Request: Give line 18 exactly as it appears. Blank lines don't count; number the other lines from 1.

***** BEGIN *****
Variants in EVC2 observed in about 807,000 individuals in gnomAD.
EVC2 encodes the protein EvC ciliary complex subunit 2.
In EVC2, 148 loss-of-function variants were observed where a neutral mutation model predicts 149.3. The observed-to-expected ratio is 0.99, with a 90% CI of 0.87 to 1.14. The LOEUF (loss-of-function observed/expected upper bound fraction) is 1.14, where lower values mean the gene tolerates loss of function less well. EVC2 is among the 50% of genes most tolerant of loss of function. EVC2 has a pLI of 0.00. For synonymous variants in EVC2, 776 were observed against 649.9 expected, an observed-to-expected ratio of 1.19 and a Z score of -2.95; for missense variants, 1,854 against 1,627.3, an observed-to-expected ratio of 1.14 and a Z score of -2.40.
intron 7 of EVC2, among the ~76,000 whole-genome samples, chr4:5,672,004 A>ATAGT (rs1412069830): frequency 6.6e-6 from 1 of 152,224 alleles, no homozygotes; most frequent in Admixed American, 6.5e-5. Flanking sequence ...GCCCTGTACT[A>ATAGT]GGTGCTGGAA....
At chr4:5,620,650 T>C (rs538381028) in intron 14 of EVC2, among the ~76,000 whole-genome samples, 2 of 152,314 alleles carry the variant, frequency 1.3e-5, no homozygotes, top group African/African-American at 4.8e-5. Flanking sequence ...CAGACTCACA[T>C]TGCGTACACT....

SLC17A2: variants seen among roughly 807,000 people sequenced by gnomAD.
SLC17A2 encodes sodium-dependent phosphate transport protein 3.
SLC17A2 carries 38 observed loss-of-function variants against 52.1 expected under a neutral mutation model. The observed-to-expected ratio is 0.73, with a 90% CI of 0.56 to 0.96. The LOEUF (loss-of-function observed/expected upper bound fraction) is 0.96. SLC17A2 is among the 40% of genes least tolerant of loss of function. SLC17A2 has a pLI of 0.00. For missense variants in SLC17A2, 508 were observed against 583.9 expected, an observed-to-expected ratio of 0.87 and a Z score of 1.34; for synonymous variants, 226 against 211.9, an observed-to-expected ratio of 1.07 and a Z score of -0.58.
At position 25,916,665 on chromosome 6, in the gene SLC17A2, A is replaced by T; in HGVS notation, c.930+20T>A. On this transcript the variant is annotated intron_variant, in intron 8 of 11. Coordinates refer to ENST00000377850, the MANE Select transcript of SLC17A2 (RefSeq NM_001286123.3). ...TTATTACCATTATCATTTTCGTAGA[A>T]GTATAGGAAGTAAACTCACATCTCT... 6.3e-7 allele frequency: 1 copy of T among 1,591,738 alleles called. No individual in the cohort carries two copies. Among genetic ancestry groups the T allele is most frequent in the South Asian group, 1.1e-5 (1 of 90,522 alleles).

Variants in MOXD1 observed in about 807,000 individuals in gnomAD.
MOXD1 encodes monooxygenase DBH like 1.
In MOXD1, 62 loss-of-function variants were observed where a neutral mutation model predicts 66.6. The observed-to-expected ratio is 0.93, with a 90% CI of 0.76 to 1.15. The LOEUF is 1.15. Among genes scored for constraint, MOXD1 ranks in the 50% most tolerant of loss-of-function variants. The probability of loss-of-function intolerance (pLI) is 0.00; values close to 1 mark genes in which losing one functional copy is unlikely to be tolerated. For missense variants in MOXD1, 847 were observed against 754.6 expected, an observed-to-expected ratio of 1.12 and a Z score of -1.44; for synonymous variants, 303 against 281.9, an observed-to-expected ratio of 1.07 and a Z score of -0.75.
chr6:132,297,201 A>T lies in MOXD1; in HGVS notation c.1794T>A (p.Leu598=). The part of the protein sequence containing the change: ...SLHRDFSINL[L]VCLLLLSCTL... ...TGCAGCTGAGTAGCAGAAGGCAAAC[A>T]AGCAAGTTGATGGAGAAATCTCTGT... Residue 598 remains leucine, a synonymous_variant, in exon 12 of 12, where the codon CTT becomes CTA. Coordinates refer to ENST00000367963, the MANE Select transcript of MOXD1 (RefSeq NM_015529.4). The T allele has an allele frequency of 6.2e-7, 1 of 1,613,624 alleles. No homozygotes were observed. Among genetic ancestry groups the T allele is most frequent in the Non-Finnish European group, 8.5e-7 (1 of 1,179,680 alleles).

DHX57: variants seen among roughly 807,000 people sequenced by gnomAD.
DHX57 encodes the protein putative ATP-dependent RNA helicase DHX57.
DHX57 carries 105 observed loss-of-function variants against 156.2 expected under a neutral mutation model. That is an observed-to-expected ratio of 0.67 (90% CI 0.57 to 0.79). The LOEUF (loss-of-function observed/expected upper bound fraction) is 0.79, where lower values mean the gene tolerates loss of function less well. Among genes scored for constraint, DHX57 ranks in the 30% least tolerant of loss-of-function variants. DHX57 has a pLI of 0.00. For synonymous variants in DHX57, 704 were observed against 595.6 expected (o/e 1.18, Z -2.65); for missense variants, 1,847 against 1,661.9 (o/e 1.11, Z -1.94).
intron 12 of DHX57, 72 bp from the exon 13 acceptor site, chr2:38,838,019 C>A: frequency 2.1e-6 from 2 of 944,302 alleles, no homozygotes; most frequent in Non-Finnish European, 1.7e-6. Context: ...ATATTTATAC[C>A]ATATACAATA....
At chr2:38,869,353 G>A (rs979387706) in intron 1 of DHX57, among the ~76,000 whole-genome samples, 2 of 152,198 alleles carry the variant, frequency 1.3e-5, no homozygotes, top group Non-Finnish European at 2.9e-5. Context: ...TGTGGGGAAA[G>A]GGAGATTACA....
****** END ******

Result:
At chr2:38,869,353 G>A (rs979387706) in intron 1 of DHX57, among the ~76,000 whole-genome samples, 2 of 152,198 alleles carry the variant, frequency 1.3e-5, no homozygotes, top group Non-Finnish European at 2.9e-5. Context: ...TGTGGGGAAA[G>A]GGAGATTACA....